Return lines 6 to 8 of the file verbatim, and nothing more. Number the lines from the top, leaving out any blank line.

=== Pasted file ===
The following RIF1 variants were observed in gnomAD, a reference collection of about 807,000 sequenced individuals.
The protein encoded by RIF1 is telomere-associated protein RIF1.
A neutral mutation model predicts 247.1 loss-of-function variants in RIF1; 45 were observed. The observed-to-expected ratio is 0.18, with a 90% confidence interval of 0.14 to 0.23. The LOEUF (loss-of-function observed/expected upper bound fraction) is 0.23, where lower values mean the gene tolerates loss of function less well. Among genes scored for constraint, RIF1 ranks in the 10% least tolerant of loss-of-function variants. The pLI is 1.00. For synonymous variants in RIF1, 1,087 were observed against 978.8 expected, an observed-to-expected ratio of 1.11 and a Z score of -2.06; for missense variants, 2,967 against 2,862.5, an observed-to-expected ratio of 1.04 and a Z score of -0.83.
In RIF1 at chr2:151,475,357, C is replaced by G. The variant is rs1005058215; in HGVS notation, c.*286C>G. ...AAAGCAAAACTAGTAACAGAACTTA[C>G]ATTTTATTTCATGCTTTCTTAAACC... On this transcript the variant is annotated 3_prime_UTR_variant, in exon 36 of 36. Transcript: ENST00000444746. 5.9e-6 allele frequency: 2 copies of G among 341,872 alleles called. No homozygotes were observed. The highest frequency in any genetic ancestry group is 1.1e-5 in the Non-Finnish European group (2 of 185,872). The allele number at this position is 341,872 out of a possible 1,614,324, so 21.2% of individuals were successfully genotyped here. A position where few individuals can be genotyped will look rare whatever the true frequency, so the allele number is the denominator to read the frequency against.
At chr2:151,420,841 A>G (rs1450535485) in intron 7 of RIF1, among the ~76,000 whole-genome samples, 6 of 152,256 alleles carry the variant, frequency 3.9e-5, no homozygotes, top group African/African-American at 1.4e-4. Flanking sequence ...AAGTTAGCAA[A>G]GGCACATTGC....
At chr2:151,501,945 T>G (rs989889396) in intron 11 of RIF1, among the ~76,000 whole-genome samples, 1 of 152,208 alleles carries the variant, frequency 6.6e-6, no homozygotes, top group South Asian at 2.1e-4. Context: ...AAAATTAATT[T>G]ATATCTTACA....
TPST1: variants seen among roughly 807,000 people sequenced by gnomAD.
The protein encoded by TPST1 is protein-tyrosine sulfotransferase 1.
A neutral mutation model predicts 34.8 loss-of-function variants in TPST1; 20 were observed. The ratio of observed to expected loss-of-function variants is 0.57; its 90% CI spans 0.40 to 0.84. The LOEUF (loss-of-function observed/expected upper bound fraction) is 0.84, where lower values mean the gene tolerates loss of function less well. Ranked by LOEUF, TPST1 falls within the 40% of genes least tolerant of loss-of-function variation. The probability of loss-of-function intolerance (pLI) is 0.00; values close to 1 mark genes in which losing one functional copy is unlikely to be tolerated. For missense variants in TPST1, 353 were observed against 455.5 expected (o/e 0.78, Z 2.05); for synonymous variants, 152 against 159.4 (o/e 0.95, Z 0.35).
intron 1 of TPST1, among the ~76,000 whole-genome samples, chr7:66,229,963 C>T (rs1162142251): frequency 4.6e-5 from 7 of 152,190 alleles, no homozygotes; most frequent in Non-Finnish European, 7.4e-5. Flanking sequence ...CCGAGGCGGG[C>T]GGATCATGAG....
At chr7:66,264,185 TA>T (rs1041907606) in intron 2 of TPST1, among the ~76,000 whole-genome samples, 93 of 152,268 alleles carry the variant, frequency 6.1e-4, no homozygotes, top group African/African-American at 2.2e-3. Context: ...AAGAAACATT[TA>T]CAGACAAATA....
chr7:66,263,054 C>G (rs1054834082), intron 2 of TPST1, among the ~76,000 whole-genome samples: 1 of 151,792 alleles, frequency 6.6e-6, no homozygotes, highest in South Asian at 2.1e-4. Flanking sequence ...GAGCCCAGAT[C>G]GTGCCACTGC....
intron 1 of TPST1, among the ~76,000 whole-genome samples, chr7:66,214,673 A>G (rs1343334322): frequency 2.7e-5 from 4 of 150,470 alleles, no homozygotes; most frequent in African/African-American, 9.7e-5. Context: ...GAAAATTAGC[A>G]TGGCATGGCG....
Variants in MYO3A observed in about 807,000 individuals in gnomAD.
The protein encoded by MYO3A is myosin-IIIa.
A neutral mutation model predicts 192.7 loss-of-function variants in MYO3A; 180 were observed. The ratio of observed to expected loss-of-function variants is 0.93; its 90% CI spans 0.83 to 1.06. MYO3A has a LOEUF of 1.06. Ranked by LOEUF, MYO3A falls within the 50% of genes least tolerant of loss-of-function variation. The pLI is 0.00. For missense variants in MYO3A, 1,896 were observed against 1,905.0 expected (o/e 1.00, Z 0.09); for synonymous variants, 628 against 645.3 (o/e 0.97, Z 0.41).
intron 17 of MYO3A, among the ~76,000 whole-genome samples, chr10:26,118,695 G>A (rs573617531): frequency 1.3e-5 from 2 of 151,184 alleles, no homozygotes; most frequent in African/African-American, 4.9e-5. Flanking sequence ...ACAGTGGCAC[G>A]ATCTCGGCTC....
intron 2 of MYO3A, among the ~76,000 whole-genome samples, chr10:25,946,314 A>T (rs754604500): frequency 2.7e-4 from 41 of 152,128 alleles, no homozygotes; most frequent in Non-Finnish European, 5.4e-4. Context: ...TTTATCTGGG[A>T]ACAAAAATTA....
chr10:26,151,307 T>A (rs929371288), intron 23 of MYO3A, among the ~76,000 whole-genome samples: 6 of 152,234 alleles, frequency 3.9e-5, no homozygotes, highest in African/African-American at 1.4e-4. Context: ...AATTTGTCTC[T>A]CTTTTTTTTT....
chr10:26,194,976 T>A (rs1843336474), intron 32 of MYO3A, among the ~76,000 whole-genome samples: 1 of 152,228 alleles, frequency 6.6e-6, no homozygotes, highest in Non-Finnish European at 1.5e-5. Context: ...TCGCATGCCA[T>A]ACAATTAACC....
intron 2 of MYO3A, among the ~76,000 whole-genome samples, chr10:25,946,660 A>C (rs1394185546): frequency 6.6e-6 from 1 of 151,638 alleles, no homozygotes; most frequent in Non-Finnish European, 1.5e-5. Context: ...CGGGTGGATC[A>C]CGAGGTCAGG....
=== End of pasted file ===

At chr2:151,501,945 T>G (rs989889396) in intron 11 of RIF1, among the ~76,000 whole-genome samples, 1 of 152,208 alleles carries the variant, frequency 6.6e-6, no homozygotes, top group South Asian at 2.1e-4. Context: ...AAAATTAATT[T>G]ATATCTTACA....
TPST1: variants seen among roughly 807,000 people sequenced by gnomAD.
The protein encoded by TPST1 is protein-tyrosine sulfotransferase 1.